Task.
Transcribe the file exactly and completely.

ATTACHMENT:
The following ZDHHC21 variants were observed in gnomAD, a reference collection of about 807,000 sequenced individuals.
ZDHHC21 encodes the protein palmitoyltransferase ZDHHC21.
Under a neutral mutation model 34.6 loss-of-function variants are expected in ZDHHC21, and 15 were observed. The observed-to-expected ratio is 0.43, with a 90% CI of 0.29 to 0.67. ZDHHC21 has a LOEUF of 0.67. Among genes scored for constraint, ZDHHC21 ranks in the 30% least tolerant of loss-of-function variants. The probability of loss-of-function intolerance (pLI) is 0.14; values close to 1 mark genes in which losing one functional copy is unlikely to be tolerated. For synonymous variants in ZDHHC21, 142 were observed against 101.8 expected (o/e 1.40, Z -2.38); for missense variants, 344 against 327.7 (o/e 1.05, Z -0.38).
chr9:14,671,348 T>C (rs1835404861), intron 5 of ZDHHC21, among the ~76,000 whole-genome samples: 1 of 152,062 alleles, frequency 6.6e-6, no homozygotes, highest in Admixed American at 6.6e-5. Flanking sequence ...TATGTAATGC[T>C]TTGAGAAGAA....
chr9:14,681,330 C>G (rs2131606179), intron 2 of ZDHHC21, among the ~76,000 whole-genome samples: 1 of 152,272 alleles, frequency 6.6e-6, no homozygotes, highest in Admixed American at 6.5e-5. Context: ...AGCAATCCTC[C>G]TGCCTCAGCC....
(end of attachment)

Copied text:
The following ZDHHC21 variants were observed in gnomAD, a reference collection of about 807,000 sequenced individuals.
ZDHHC21 encodes the protein palmitoyltransferase ZDHHC21.
Under a neutral mutation model 34.6 loss-of-function variants are expected in ZDHHC21, and 15 were observed. The observed-to-expected ratio is 0.43, with a 90% CI of 0.29 to 0.67. ZDHHC21 has a LOEUF of 0.67. Among genes scored for constraint, ZDHHC21 ranks in the 30% least tolerant of loss-of-function variants. The probability of loss-of-function intolerance (pLI) is 0.14; values close to 1 mark genes in which losing one functional copy is unlikely to be tolerated. For synonymous variants in ZDHHC21, 142 were observed against 101.8 expected (o/e 1.40, Z -2.38); for missense variants, 344 against 327.7 (o/e 1.05, Z -0.38).
chr9:14,671,348 T>C (rs1835404861), intron 5 of ZDHHC21, among the ~76,000 whole-genome samples: 1 of 152,062 alleles, frequency 6.6e-6, no homozygotes, highest in Admixed American at 6.6e-5. Flanking sequence ...TATGTAATGC[T>C]TTGAGAAGAA....
chr9:14,681,330 C>G (rs2131606179), intron 2 of ZDHHC21, among the ~76,000 whole-genome samples: 1 of 152,272 alleles, frequency 6.6e-6, no homozygotes, highest in Admixed American at 6.5e-5. Context: ...AGCAATCCTC[C>G]TGCCTCAGCC....